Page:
States, Enviros Warn EPA Over Ship, Aircraft Emissions
WASHINGTON, DC -- Formal letters warning of impending lawsuits over the U.S. Environmental Protection Agency's failure to address greenhouse gas emissions from ocean-going ships and aircraft have been filed by four state attorneys general, three state agencies, New York City and a coalition of conservation groups.
The conservation groups' notice of intent to sue was filed Thursday by the public interest law firm Earthjustice on behalf of Oceana, Friends of the Earth and the Center for Biological Diversity.
The state and local jurisdictions filed similar notices on the same day, declaring their intent to sue the EPA for unreasonable delay.
The states California, Connecticut, Oregon, New Jersey, and the California Air Resources Board, South Coast Air Quality Management District, New York City, and the Pennsylvania Department of Environmental Protection also filed notices of intent to sue in 180 days.
California Attorney General Edmund G. Brown Jr. said, "Ships, aircraft and industrial equipment burn huge quantities of fossil fuel and cause massive greenhouse gas pollution yet President Bush stalls with one bureaucratic dodge after another."
"Because Bush's Environmental Protection Agency continues to wantonly ignore its duty to regulate pollution, California is forced to seek judicial action," he said.
According to a report issued Thursday by Oceana, aircraft currently account for 12 percent of carbon dioxide emissions from U.S. transportation sources and three percent of the United States' total carbon dioxide emissions. The United States is responsible for nearly half of worldwide carbon dioxide emissions from aircraft.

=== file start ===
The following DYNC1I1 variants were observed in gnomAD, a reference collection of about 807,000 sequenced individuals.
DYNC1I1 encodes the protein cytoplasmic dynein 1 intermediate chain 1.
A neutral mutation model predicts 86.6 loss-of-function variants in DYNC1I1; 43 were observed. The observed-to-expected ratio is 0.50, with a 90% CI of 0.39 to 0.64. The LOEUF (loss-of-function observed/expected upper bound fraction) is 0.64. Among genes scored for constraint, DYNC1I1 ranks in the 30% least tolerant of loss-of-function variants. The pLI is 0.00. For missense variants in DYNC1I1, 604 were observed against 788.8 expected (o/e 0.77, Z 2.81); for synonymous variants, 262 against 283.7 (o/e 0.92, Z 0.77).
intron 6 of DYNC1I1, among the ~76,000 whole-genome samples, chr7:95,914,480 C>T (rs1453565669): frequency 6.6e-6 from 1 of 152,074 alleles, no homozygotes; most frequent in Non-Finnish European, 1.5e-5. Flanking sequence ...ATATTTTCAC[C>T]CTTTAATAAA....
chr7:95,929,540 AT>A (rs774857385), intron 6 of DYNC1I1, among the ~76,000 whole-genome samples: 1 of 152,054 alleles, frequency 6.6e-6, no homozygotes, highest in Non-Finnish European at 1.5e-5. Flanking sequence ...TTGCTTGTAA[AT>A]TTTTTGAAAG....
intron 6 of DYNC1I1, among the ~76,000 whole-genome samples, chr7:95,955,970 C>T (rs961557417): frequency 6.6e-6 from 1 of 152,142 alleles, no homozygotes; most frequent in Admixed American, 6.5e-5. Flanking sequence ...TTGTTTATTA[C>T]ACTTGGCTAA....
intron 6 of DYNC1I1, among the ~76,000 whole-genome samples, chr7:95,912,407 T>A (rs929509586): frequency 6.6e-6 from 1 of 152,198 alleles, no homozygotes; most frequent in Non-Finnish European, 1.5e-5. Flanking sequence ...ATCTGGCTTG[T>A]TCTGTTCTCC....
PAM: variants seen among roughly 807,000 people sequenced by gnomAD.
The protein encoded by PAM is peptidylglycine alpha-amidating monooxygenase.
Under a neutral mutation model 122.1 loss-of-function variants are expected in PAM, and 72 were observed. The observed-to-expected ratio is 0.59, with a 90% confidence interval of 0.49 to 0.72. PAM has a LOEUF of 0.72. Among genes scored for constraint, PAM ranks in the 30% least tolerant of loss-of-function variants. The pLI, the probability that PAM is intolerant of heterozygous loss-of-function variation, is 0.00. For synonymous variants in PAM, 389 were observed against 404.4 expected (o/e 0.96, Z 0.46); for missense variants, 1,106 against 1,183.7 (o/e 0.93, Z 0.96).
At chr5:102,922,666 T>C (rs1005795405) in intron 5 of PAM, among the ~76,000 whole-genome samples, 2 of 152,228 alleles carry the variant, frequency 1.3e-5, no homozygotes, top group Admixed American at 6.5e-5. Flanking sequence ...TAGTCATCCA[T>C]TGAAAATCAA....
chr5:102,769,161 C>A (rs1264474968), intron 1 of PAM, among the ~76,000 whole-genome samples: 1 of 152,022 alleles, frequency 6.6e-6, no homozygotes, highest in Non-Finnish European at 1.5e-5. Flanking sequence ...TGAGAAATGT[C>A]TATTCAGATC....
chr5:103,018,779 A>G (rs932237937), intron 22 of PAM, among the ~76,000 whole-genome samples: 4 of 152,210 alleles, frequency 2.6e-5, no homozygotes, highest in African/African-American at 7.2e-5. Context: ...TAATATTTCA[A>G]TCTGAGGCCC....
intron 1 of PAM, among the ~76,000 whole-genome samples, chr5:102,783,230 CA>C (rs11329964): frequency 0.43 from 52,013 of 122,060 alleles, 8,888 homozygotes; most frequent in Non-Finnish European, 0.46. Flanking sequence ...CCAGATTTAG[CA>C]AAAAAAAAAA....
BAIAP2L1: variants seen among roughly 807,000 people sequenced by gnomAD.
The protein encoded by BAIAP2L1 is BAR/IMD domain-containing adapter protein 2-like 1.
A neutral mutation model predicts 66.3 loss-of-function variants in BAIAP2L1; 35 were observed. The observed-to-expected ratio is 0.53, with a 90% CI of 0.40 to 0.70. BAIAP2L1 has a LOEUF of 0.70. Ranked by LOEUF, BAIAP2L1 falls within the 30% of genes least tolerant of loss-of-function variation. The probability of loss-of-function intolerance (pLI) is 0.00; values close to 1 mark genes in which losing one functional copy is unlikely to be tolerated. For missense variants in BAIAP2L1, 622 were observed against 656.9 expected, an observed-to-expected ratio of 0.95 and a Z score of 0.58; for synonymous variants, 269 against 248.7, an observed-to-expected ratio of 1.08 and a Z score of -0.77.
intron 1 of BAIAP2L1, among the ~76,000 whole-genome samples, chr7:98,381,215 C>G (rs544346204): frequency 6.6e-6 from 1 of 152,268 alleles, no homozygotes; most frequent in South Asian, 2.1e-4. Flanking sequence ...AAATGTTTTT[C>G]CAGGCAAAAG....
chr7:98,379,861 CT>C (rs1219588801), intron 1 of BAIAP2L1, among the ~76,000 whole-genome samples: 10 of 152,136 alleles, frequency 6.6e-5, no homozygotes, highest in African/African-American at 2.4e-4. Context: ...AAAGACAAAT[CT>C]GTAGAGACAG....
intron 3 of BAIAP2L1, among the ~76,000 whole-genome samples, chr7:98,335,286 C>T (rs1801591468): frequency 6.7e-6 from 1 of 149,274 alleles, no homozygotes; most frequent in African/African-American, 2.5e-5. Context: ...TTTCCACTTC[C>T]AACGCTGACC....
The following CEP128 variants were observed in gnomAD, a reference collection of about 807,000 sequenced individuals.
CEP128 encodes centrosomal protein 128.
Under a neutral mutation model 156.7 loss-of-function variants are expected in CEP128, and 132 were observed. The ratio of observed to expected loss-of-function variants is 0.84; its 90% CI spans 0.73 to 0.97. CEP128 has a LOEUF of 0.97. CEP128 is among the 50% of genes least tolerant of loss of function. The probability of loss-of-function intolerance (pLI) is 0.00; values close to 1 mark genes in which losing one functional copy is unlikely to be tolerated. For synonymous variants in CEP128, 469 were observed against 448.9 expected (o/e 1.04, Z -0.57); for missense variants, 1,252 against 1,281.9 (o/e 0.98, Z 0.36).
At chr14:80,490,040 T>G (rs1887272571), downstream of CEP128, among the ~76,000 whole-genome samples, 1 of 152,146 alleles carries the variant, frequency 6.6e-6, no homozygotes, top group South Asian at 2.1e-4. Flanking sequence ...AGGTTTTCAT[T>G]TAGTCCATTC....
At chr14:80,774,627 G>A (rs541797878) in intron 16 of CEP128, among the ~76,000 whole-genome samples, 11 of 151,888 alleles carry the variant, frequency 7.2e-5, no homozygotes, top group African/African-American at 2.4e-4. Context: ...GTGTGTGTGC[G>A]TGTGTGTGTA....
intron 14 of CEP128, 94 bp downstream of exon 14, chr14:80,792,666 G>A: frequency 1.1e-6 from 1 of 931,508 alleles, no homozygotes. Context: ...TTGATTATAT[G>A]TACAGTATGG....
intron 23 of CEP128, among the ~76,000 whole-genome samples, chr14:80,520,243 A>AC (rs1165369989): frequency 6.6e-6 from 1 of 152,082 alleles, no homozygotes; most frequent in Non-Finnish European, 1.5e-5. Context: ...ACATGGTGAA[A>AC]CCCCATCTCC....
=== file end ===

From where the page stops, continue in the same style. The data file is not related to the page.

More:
The global fleet of marine vessels releases almost three percent of the world's carbon dioxide, an amount comparable to the emissions of the entire country of Canada. Because of their huge numbers and inefficient operating practices, marine vessels release a large volume of global warming pollutants, particularly carbon dioxide, nitrous oxide and soot.
Despite their impact on the global climate, greenhouse gas emissions from ships are not regulated by the U.S. government, nor are these emissions limited under the Kyoto Protocol.
The coalition of environmental groups filed petitions to the EPA in October and December 2007, requesting that the agency determine whether greenhouse gas emissions from marine vessels and aircraft endanger public health and welfare, and if so, to issue regulations to control greenhouse gas emissions from these sources.
The coalition asked for a response within 180 days but did not receive one.
Instead, the coalition and the state and local jurisdictions contend that the EPA delayed its legal obligations by issuing an Advanced Notice of Proposed Rulemaking, ANPR, on July 11, 2008.
The ANPR does not make a finding as to whether EPA intends to regulate greenhouse gases under the Clean Air Act, as the Supreme Court determined it was required to do in a 2007 ruling in the case of Massachusetts vs EPA.